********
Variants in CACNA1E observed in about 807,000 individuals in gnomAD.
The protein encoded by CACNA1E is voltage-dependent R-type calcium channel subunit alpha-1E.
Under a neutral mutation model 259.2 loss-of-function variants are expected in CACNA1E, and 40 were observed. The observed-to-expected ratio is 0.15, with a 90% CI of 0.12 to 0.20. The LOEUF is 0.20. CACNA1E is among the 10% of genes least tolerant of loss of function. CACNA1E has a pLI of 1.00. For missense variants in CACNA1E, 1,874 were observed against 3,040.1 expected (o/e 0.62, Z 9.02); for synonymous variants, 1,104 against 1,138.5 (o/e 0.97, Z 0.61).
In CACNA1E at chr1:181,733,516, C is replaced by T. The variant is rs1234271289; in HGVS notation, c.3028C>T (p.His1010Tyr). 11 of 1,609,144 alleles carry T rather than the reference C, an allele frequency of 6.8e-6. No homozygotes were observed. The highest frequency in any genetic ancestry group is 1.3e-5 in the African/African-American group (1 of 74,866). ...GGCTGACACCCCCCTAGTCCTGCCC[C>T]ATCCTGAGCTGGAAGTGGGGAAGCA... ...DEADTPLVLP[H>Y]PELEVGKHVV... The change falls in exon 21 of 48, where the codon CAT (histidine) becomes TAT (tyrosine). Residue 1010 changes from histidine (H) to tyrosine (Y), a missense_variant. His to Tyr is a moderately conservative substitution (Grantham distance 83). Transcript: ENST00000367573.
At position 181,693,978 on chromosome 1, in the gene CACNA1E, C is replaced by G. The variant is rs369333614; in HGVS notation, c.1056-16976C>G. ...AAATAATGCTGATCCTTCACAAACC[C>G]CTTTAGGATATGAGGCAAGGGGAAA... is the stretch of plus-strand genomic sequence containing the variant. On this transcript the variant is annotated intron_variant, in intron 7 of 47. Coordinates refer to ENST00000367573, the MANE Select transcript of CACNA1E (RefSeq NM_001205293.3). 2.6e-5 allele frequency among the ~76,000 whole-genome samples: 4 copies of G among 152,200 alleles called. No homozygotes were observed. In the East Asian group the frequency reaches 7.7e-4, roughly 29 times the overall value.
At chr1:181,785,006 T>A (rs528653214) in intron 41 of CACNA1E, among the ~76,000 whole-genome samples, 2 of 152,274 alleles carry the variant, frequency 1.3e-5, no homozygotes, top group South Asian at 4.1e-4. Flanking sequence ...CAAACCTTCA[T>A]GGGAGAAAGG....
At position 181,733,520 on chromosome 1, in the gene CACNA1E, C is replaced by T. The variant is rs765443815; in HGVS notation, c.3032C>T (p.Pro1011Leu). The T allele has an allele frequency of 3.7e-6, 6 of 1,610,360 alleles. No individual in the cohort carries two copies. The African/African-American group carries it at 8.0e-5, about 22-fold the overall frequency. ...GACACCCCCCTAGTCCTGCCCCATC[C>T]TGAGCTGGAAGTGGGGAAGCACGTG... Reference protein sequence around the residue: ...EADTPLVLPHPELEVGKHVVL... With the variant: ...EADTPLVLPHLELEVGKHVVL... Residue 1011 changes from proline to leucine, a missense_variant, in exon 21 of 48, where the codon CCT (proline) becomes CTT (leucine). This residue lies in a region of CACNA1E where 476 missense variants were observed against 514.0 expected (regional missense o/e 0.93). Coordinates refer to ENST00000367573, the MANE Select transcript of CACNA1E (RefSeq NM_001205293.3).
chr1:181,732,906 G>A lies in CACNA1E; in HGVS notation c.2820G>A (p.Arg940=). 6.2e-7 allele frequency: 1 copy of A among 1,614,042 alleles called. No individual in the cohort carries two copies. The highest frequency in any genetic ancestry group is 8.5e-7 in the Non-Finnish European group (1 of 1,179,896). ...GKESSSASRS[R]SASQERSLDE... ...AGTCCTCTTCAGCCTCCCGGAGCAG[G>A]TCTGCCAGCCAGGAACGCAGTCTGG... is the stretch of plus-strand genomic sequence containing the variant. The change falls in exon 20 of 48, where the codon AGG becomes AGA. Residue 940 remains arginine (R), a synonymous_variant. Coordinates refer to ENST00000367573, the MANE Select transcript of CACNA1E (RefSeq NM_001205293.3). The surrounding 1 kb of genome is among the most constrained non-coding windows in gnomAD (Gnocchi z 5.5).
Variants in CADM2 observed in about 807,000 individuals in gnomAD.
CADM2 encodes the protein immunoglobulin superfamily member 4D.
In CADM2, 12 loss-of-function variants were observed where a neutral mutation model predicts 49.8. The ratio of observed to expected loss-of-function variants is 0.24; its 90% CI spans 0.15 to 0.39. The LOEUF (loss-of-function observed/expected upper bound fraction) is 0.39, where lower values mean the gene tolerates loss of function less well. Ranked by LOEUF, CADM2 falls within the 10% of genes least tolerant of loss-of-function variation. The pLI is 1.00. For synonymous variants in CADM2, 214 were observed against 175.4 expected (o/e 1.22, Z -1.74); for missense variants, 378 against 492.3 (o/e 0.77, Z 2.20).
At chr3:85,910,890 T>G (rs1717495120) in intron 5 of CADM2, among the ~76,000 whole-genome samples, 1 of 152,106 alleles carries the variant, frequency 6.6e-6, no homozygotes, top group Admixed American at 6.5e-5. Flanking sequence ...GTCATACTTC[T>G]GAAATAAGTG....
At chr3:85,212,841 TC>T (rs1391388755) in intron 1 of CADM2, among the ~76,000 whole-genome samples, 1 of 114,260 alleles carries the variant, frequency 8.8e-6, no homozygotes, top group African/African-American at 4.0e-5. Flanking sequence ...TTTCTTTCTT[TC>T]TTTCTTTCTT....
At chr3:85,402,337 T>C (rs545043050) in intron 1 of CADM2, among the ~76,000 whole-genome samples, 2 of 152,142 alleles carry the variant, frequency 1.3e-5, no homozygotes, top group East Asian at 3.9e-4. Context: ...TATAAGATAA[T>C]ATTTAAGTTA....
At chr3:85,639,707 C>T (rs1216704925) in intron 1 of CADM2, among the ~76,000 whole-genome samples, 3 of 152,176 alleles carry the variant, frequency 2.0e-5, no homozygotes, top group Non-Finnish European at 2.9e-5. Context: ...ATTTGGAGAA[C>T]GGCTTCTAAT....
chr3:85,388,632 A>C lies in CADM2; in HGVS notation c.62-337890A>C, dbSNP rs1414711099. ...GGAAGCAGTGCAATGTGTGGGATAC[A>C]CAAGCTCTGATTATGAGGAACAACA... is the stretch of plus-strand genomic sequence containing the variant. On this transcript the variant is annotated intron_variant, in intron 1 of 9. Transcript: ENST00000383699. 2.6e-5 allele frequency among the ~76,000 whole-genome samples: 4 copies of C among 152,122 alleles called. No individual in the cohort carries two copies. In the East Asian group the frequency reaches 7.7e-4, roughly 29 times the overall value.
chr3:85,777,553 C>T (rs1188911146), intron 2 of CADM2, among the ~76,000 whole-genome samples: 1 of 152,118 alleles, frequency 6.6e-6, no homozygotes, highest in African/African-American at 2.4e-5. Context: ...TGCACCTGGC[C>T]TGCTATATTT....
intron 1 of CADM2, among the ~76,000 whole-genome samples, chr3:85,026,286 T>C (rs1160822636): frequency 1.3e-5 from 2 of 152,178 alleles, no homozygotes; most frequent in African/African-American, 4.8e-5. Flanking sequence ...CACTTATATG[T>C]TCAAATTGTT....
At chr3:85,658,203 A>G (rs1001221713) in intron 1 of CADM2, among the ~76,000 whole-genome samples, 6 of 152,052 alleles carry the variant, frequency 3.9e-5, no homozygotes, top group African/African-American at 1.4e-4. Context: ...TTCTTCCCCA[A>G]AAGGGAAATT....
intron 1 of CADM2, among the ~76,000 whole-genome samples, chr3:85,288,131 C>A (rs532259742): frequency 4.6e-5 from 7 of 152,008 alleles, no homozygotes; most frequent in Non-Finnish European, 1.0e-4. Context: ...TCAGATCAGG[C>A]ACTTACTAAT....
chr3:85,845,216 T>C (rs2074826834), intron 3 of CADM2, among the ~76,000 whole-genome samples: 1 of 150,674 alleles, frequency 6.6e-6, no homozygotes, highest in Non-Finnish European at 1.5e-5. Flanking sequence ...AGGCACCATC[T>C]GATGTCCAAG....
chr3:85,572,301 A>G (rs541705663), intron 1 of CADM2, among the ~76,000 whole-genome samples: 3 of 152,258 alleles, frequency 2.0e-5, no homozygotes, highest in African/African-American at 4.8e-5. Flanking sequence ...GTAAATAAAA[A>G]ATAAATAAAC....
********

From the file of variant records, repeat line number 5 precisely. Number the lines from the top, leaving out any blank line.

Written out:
At position 181,693,978 on chromosome 1, in the gene CACNA1E, C is replaced by G. The variant is rs369333614; in HGVS notation, c.1056-16976C>G. ...AAATAATGCTGATCCTTCACAAACC[C>G]CTTTAGGATATGAGGCAAGGGGAAA... is the stretch of plus-strand genomic sequence containing the variant. On this transcript the variant is annotated intron_variant, in intron 7 of 47. Coordinates refer to ENST00000367573, the MANE Select transcript of CACNA1E (RefSeq NM_001205293.3). 2.6e-5 allele frequency among the ~76,000 whole-genome samples: 4 copies of G among 152,200 alleles called. No homozygotes were observed. In the East Asian group the frequency reaches 7.7e-4, roughly 29 times the overall value.